watch wait pray hope give thanks
trusting the One we cannot see
right in front of our eyes.
©RobinGorsline2015 lectionarypoetics.org
Please use the credit line above when publishing this poem in any form

The Day Is Not Only Coming. It Is Here.

(Advent 1 Year C, click here for the biblical texts)

Moments come in each life
to choose how and if we focus.
Are autumn and winter dying times only or  
long days to prepare for new life?
Will we only mourn the dead or
will our tears renew love for the living
to protect them from dread disease
to find the cure thus far beyond our grasp?
We can read the signs of these times
or we can cling to stories past
like Muzak in a merry mall.
Advent now calls us to decide
Is it presents under a tree
not wrong but off center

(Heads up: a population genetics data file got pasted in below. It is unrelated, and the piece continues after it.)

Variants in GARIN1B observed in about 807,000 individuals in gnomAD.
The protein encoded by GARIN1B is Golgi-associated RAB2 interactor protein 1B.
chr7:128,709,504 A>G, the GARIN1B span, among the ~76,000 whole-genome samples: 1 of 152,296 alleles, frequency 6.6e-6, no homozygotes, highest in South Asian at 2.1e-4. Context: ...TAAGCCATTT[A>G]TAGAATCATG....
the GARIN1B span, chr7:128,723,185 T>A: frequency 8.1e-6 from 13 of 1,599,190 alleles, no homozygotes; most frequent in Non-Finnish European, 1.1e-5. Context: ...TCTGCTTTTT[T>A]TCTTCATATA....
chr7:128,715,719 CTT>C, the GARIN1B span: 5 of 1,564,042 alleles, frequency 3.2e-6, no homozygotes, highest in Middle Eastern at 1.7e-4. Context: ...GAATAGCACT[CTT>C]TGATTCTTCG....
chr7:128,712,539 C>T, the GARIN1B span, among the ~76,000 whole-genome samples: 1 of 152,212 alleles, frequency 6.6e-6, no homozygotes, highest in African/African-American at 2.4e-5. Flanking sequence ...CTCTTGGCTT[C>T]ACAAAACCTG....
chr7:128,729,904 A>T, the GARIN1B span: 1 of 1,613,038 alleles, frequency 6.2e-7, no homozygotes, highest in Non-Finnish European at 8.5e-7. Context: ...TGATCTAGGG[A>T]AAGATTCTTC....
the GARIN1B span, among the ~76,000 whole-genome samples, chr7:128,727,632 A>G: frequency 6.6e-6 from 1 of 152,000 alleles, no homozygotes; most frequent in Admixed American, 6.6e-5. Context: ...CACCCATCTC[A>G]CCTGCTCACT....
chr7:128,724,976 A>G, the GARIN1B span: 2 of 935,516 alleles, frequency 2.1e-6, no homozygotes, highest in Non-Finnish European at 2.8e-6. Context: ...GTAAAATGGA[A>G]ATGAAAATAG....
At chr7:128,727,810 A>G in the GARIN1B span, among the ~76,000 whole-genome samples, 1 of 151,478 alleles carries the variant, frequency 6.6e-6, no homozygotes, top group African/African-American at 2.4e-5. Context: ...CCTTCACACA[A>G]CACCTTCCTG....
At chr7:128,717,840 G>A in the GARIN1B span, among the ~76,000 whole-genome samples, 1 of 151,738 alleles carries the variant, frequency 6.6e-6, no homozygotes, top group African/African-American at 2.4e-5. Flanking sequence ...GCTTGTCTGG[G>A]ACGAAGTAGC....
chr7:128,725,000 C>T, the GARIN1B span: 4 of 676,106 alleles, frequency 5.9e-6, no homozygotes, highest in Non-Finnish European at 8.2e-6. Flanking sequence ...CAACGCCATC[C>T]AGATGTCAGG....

or is it about new life—ours–
shaken up when hope sprouts
against odds and we are taken  over
yet again by holy bald truth
of boundless grace
cutting through our defense?
The joy is coming here and now.
Are we ready to go beyond
cards and carols eggnog and stringing lights
to open our lives to the grandeur of God’s gifts
in delicate moments of wisdom as naked
and loving as a babe in a crib in a manger rude
cutting through never ending jockeying
for position against the other to find our
rest in Thee and our deep true life
where it has ever been never apart from us
even as we terrified run and hide?
The day is not only coming It is here
the choice as well. What will it be?
©RobinGorsline2015 lectionarypoetics.org

Please use the credit line above when publishing this poem in any form.